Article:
Anyone who has a life insurance policy has named a beneficiary. Yet many people do not know that they can also name beneficiaries for their bank, investment, and retirement accounts. Often, doing so requires no more than filling out a simple form available at a bank or brokerage firm. As with joint ownership, naming a beneficiary for various accounts ensures immediate transfer upon the account holder’s death.

3. Establishing a Living Trust

One of the best ways to dodge the obstacles of probate is to create a living trust and transfer asset ownership into the trust. Completing the transfer will require filing all necessary paperwork and designating a successor trustee who will manage the distribution of trust funds upon death of the grantor. The process is neither instantaneous nor free. However, the time and costs associated with establishing a living trust are dwarfed by those associated with probate. In fact, the advantages of a living trust go far beyond merely avoiding probate. A living trust takes effect upon the grantor’s mental or physical incapacitation as well as upon his or her death for instance, and allows for a more detailed expression of the grantor’s wishes than is usually possible in a will.

4. Gifting: Giving It Away While Still Alive

If an estate includes significant property that is essentially just sitting around waiting for its owner to pass on, it may be wise to consider transferring this property to loved ones or a favorite charity now. Such transfers often must be reported on an IRS Form 709, United States Gift (and Generation-Skipping Transfer) Tax Return, although they do not become taxable until the lifetime limit (recently increased under 2017 federal tax reform legislation) is reached.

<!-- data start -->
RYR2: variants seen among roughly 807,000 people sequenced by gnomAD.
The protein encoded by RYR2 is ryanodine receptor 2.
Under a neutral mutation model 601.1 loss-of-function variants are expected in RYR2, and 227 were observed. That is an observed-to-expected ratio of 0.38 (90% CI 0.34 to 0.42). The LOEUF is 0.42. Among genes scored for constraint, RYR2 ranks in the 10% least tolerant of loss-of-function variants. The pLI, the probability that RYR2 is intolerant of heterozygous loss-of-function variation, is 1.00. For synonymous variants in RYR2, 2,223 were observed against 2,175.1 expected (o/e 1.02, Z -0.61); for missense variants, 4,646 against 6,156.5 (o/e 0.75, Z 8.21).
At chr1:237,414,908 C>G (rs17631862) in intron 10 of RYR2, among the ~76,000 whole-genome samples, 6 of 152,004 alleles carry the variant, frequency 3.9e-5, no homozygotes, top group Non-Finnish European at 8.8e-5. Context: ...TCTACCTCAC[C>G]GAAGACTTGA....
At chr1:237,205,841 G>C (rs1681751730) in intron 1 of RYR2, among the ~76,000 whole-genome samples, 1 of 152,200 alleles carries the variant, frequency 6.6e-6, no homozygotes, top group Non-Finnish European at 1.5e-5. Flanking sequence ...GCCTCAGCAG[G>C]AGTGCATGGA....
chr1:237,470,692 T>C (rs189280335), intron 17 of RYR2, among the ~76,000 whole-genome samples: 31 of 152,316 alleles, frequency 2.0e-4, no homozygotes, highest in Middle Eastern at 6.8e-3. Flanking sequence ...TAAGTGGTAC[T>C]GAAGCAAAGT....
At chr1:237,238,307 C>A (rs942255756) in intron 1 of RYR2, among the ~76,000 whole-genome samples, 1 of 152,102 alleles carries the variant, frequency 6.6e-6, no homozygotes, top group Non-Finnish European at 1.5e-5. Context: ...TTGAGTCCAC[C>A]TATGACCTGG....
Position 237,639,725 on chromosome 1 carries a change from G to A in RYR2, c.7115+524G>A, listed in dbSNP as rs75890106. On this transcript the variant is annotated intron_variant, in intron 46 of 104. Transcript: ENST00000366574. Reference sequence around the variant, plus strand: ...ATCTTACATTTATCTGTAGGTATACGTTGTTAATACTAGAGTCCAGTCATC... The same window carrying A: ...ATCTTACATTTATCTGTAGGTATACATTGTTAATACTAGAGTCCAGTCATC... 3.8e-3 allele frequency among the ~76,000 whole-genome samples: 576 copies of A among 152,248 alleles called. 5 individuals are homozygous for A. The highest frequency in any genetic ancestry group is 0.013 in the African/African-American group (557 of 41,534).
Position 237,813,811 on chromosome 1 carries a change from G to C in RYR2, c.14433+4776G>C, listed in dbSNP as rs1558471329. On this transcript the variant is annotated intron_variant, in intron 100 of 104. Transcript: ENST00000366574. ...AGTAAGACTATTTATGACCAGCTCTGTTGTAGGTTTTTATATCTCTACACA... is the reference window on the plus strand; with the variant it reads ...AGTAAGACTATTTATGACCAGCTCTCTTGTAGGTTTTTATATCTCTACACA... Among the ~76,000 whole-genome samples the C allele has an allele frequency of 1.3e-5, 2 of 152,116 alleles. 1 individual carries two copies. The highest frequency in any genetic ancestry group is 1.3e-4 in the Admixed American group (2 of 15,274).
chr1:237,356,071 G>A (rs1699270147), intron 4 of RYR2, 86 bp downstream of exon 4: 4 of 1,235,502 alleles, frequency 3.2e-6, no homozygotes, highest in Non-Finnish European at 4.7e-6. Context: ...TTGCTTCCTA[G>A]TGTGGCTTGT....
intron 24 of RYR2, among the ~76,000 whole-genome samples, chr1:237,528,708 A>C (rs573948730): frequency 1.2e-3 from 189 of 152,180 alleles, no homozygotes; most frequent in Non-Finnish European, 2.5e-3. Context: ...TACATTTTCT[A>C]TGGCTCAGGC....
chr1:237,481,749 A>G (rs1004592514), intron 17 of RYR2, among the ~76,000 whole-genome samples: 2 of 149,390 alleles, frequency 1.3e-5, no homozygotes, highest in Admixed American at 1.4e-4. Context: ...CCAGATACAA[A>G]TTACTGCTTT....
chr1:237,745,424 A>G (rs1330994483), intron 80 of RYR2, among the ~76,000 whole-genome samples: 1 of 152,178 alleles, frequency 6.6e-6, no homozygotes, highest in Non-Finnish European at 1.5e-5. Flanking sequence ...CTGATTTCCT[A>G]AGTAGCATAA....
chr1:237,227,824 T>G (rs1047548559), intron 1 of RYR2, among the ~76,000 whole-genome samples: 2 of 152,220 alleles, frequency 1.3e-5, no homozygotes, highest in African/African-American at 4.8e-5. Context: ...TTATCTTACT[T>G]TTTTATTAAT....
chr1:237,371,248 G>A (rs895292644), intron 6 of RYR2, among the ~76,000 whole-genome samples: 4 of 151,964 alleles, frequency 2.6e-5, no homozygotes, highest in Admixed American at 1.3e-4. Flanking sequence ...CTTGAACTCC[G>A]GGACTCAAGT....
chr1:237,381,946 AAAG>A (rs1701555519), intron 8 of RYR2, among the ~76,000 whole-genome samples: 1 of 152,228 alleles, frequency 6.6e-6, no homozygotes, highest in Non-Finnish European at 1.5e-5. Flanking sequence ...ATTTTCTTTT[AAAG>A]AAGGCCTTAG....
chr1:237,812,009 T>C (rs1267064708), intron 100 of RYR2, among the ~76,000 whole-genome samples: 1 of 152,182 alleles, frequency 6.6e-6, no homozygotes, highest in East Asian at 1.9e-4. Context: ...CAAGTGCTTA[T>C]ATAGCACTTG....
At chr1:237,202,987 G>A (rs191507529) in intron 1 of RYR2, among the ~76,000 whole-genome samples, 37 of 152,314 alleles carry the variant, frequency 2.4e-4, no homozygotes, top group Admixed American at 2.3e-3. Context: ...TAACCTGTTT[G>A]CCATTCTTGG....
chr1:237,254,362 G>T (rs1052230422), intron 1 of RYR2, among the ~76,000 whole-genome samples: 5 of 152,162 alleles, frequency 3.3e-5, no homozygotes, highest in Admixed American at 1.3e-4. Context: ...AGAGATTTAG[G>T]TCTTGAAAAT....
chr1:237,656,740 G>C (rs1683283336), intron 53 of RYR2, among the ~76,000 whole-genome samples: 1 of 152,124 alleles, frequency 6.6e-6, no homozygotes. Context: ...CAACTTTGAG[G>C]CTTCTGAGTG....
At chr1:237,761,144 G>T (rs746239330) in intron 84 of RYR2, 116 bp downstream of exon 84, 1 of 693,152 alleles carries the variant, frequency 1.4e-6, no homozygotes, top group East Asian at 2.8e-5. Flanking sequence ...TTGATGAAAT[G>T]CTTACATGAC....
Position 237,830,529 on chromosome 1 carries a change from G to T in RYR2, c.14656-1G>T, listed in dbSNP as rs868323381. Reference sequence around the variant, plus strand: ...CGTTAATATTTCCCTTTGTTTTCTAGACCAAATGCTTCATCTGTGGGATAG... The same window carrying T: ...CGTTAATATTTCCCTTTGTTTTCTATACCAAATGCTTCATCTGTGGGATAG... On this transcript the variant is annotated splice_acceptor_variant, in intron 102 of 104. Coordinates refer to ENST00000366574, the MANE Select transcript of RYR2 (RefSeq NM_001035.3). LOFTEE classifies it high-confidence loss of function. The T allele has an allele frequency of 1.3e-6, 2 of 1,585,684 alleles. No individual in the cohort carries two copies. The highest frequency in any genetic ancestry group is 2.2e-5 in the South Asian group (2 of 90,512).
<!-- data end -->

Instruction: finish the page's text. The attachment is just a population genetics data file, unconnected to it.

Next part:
5. The Life Estate: A “Have Your Cake and Eat It, Too” Option

For property that one still needs, such as a home, consider creating a Life Estate. A life estate deed gives the owner of a life estate (the life tenant) the exclusive right to occupy and use the property during his or her lifetime. In other words, no one can kick the life tenant out of the home. In the deed, the life tenant assigns a “remainder interest” to one or more individuals. Full ownership of the property will pass immediately to those individuals upon the life tenant’s death.

 Get Help

Do you have more questions about Probate? Our attorneys are ready to give you all the help and answers you need. Call us today.


What is Probate avoidance techniques?

Living trusts are probably the best-known way to avoid subjecting your family to the hassle and expense of probate court proceedings after your death.

Why is it good to avoided Probate

The two main reasons to avoid probate are the time and money it can take to complete.

 How long does probate take in New York State?

On average, the time it takes to administer a New York probate estate is somewhere around 7-9 months.

DISCLAIMER: The information provided in this blog is for informational purposes only and should not be considered legal advice. The content of this blog may not reflect the most current legal developments. No attorney-client relationship is formed by reading this blog or contacting Morgan Legal Group.